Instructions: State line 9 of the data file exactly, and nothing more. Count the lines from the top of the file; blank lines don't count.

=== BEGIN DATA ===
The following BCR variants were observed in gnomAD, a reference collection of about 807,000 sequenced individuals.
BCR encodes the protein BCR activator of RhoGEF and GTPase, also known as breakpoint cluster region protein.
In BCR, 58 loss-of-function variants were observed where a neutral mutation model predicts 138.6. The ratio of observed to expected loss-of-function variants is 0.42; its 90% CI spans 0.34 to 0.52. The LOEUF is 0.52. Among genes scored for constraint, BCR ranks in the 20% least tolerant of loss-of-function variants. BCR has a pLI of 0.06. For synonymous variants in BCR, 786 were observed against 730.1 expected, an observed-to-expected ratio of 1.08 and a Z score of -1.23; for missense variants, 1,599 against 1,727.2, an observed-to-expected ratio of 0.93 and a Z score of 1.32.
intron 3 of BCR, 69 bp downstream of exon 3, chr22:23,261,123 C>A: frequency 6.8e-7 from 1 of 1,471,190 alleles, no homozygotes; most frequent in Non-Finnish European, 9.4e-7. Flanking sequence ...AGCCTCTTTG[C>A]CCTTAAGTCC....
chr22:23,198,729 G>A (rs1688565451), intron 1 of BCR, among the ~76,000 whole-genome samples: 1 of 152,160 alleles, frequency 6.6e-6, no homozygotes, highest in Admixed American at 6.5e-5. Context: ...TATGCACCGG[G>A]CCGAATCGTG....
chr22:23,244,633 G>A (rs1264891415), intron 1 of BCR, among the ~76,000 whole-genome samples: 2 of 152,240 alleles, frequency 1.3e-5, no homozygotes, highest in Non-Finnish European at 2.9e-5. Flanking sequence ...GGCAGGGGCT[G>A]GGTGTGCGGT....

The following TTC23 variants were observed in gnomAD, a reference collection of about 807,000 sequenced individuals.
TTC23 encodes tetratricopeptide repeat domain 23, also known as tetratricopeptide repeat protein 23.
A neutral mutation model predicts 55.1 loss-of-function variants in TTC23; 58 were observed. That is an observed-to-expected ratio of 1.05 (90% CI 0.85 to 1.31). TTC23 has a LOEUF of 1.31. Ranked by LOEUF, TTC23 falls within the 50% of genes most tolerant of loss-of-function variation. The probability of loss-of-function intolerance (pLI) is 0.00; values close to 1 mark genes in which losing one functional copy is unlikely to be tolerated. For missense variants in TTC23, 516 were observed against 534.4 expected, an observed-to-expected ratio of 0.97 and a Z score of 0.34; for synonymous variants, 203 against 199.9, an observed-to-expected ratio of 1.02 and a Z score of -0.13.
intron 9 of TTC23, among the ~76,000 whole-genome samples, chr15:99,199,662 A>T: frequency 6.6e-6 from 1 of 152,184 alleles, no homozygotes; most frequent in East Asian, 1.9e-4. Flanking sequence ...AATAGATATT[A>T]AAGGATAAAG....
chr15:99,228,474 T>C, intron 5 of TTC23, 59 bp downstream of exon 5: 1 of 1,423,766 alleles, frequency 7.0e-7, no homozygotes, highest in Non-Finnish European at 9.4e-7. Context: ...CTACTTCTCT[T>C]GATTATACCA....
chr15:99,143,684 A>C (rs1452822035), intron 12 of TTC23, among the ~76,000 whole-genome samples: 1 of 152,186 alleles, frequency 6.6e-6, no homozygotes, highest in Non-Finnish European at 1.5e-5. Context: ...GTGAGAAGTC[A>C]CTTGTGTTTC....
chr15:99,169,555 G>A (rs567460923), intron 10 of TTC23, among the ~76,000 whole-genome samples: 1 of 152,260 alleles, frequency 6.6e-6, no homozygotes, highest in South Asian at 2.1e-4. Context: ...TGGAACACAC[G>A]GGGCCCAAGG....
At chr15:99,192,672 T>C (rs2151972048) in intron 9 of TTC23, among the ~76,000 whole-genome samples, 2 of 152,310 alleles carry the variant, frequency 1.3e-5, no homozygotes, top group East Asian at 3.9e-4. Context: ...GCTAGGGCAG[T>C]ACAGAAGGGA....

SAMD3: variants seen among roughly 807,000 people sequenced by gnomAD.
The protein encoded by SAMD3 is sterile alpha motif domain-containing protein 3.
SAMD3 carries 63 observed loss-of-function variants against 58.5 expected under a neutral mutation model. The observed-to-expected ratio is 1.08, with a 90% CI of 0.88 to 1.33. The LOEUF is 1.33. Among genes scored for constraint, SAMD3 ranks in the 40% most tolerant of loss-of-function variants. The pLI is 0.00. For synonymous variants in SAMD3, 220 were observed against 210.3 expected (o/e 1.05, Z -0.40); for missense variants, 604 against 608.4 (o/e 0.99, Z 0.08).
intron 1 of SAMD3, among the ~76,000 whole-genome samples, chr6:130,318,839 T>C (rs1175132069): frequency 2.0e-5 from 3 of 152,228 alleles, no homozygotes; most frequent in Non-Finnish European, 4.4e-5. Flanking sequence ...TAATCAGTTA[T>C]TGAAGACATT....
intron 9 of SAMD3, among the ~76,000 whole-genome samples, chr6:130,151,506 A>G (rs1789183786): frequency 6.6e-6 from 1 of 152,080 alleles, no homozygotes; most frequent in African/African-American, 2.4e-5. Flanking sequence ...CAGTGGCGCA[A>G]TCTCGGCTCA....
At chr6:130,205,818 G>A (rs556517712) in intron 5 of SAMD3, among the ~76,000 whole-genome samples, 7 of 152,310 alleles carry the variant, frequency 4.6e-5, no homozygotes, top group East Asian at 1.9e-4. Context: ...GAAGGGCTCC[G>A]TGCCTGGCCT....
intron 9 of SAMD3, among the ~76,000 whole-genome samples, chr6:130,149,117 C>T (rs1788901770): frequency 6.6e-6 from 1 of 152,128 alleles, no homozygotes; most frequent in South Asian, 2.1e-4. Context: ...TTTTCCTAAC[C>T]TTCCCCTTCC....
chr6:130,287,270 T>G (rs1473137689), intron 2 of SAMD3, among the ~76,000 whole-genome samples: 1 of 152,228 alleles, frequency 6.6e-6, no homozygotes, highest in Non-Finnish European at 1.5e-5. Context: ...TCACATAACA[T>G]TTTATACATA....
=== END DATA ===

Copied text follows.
A neutral mutation model predicts 55.1 loss-of-function variants in TTC23; 58 were observed. That is an observed-to-expected ratio of 1.05 (90% CI 0.85 to 1.31). TTC23 has a LOEUF of 1.31. Ranked by LOEUF, TTC23 falls within the 50% of genes most tolerant of loss-of-function variation. The probability of loss-of-function intolerance (pLI) is 0.00; values close to 1 mark genes in which losing one functional copy is unlikely to be tolerated. For missense variants in TTC23, 516 were observed against 534.4 expected, an observed-to-expected ratio of 0.97 and a Z score of 0.34; for synonymous variants, 203 against 199.9, an observed-to-expected ratio of 1.02 and a Z score of -0.13.